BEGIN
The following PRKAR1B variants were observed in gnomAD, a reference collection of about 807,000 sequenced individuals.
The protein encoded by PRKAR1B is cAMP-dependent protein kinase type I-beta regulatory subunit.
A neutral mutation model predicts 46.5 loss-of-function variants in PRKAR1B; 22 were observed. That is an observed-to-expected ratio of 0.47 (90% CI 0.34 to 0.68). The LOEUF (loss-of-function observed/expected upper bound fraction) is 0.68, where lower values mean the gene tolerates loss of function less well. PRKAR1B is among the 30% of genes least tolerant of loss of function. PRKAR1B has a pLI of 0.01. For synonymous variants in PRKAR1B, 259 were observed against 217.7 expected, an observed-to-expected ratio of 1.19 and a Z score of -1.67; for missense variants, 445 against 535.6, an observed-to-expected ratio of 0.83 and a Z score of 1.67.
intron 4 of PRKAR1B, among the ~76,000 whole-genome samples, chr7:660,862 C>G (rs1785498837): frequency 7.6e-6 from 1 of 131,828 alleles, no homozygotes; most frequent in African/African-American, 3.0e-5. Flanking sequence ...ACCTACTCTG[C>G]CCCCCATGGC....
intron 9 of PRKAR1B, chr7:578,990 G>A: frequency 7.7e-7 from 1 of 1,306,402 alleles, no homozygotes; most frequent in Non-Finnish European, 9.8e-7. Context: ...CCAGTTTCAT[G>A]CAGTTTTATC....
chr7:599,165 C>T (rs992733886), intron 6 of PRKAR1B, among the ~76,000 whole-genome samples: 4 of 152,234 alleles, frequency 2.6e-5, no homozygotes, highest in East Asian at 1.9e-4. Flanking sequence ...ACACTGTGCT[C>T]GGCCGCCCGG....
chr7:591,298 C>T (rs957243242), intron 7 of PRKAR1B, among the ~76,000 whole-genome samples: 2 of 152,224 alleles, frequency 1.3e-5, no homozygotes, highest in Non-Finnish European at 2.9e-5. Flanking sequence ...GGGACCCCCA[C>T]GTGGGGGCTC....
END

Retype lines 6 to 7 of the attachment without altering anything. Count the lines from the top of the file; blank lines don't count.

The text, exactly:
chr7:599,165 C>T (rs992733886), intron 6 of PRKAR1B, among the ~76,000 whole-genome samples: 4 of 152,234 alleles, frequency 2.6e-5, no homozygotes, highest in East Asian at 1.9e-4. Flanking sequence ...ACACTGTGCT[C>T]GGCCGCCCGG....
chr7:591,298 C>T (rs957243242), intron 7 of PRKAR1B, among the ~76,000 whole-genome samples: 2 of 152,224 alleles, frequency 1.3e-5, no homozygotes, highest in Non-Finnish European at 2.9e-5. Flanking sequence ...GGGACCCCCA[C>T]GTGGGGGCTC....